Shapes, Texture & Color Contrast
With a significant portion of the world's population having varying types and degrees of color blindness, conveying ideas with color alone can create a barrier for many students. Red-green color blindness is a widely experienced form, so highlighting text with a red background, may result in text being rendered unreadable to some people. The following describes how to use graphs, color, and PowerPoint themes so they are accessible to people with low vision.
Color in graphs and charts is extremely useful, but also adding shapes, patterns, and textures ensure people with color blindness will be able to differentiate between the various items of information. Two good examples of the use of both color and texture are exhibited below.
As previously discussed on the Text Formatting & Links page, web or document content with low color contrast may cause problems for people with low vision. For all material that germaines to learning, and required for the course, the color of foreground elements must, ideally, have a contrast ratio of 4.5:1 or better, against the background color. Though, large-scale text (18 points or larger) and images of large-scale text may have a contrast ratio of at least 3:1. We recommend using a tool like the WebAIM Color Contrast Checker, as pictured below, to assess the ratio of your content's color. If you do not know the color of your content, we recommend ColorZilla, for your web browser, or the free desktop application for Windows and MacOS, Colour Contrast Analyser.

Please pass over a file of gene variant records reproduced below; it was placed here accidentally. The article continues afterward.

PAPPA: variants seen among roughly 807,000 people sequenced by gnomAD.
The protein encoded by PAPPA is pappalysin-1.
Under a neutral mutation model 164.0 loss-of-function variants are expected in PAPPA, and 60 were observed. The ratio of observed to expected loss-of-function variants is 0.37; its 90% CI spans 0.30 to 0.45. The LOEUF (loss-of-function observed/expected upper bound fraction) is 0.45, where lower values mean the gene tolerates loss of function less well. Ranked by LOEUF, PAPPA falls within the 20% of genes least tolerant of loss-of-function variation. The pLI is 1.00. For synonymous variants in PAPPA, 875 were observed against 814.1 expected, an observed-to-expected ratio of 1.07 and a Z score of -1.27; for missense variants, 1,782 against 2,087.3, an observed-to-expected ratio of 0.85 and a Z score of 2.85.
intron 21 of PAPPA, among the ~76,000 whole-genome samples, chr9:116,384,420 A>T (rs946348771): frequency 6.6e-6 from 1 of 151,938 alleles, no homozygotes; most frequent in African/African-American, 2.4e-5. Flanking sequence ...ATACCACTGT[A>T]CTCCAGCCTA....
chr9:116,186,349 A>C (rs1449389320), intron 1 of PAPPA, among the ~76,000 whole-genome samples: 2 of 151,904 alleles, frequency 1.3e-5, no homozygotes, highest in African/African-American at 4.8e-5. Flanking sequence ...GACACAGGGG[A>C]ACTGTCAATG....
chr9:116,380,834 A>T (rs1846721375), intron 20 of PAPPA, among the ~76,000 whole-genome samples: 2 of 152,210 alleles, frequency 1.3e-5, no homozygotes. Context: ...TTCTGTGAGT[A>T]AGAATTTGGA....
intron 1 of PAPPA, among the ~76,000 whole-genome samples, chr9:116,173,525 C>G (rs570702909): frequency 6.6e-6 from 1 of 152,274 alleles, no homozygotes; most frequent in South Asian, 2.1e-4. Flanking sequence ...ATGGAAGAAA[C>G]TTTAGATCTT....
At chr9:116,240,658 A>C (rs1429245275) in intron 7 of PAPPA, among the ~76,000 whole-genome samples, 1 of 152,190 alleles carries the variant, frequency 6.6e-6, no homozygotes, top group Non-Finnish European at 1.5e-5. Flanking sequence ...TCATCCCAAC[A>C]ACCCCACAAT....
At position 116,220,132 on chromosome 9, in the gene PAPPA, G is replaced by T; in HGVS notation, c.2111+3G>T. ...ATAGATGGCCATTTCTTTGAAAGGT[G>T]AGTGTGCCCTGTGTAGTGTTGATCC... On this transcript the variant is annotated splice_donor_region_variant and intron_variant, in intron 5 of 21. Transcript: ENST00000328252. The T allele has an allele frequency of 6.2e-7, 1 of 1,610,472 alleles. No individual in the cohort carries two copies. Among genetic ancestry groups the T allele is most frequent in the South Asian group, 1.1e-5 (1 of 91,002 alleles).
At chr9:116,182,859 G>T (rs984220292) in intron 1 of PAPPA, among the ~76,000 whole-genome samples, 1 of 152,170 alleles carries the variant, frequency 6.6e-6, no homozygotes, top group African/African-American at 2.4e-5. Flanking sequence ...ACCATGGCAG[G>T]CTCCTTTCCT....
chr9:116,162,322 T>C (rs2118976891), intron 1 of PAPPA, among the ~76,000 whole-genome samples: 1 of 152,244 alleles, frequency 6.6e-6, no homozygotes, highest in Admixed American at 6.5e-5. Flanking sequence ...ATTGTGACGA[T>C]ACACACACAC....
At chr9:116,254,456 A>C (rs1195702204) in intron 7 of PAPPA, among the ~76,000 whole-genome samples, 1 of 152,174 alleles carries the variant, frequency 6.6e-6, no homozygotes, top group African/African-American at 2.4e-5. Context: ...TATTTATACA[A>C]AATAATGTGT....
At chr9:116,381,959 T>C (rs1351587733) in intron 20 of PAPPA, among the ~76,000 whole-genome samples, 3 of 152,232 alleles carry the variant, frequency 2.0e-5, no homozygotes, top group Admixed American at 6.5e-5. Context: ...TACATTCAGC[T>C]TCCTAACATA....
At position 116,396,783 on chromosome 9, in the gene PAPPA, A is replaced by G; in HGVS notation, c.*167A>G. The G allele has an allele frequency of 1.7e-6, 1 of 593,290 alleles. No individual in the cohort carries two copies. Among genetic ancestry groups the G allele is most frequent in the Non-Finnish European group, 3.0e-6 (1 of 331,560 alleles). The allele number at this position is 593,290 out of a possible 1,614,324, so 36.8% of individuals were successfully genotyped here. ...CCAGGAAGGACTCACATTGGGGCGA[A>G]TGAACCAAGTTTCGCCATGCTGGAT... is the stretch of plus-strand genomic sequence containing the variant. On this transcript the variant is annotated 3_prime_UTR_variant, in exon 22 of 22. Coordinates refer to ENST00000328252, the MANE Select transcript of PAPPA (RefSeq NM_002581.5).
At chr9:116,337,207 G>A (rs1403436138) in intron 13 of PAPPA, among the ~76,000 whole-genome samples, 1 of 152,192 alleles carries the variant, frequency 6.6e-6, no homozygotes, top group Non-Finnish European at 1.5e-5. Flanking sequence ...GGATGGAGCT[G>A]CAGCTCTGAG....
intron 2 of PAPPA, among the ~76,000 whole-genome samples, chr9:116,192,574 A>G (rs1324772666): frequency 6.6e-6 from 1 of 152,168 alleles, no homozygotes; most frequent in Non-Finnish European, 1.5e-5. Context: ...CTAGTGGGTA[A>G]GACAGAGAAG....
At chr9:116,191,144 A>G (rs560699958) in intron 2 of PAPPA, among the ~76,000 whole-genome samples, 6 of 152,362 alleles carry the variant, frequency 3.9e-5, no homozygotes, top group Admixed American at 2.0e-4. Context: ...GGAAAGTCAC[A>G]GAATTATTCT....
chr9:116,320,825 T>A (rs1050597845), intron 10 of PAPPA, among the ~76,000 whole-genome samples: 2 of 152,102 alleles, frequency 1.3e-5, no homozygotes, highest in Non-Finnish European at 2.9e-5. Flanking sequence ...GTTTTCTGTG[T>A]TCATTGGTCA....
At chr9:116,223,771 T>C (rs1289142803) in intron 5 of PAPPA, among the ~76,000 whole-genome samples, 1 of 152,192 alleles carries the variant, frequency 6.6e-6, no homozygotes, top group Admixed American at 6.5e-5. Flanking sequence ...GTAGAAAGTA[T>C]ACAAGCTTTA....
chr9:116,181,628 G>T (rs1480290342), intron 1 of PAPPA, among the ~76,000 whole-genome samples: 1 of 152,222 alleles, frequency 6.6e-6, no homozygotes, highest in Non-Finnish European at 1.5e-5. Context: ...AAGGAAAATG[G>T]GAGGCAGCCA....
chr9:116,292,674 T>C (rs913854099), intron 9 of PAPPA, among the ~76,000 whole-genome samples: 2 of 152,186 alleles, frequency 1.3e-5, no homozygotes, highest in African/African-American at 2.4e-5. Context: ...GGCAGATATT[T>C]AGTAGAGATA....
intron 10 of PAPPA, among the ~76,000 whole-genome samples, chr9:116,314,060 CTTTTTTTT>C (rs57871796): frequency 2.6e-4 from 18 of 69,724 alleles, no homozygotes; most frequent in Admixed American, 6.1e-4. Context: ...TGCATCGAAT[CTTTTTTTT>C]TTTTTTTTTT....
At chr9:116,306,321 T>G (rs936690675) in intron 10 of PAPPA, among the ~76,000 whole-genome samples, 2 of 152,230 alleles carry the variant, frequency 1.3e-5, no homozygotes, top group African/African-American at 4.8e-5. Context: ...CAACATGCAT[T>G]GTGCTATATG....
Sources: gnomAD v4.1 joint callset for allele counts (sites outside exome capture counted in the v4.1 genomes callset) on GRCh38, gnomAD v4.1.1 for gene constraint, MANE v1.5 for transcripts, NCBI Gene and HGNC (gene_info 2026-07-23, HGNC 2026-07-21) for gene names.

As per the guidelines detailed directly above, not all Microsoft PowerPoint themes and templates have sufficient color contrast to be accessible to those with low vision. However, the following PowerPoint themes do meet the minimum standards: Gallery, Ion, Ion Boardroom, Retrospect, Wisp, Dividend, Mesh, Slate, and Damask. Also, soon UNT will have three accessible PowerPoint templates for the use of all faculty and staff, which will be available for download.